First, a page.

Wednesday, September 26, 2012

When "justification" hurts others

Earlier this week I enjoyed a conversation with one of Dallas' Exchange Clubs.  The meeting was really delightful.

There were about a dozen of us.

All of us were post-60 years old, felt like a fraternity of sorts!

My job:  to talk about the high cost of keeping people homeless and on the streets.

The "return on investment" of permanent housing in real savings to a community makes it a no-brainer of a choice when it comes to public policy, but we continue to settle for the status quo that does little good for anyone.

So, we kick the can down the road while our extremely poor neighbors live in shelters intended to be emergency solutions for the short term, but end up becoming community institutions with long-term residents in a string of nights that too often runs on for years.

Anyway, as we spoke about the mythical stereotypes associated with the homeless, I had one of those moments of insight, at least for me it was.

"If you don't want to help the homeless, then don't," I counseled my new friends.  "But at least don't concoct some lie about the helpless, homeless guy or gal that further embeds and strengthens the inaccurate stereotypes in an effort to justify  your decision not to help."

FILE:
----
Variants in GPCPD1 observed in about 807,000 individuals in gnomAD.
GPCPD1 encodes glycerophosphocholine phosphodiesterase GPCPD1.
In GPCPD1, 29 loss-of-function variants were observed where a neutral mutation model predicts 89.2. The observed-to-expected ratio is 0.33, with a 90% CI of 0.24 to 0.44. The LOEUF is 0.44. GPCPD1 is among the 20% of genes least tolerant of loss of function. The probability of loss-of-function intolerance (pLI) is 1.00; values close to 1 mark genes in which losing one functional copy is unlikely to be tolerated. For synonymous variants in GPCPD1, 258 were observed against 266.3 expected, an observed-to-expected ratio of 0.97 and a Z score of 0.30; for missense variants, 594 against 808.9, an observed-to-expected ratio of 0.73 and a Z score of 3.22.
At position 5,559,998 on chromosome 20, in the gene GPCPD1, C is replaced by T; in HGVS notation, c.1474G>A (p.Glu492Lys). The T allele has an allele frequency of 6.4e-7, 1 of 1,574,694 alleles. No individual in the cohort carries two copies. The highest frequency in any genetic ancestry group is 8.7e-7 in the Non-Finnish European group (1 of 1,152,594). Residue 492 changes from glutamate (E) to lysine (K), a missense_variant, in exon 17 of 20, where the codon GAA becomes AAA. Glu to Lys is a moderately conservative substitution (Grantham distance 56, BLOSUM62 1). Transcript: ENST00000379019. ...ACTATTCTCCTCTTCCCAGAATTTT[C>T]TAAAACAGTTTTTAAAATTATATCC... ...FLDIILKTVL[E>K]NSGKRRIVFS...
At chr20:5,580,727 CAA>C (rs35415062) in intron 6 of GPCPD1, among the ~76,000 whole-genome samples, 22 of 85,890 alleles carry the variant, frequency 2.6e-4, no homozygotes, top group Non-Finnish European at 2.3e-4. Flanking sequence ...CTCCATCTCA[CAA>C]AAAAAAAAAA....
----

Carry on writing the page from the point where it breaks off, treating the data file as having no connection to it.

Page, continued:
I believe that is what happens an awful lot when it comes to the very poor among us and our decisions to "walk by on the other side of road." .

What do you think?

BTW--I've had amazing meetings this week with church leaders about building cottages in our PUSH 50 project at Malcolm X Boulevard and I-30!  

So encouraging! 

More later. 


Anonymous said...

What are the mythical stereotypes associated with the homeless?

Larry James said...

Anon, 8:53, thanks for asking. Typical stereotypes include the notion that all/most homeless persons are dangerous, addicted, living on the street by choice, crazy, lazy, shiftless, dishonest,deviant, etc., etc. Often these evaluations are made with no contact or real relationship with anyone who is actually homeless. Having made these assumptions, it is much easier to ignore, disregard and dismiss while finding justification for our decisions to do so.

Anonymous said...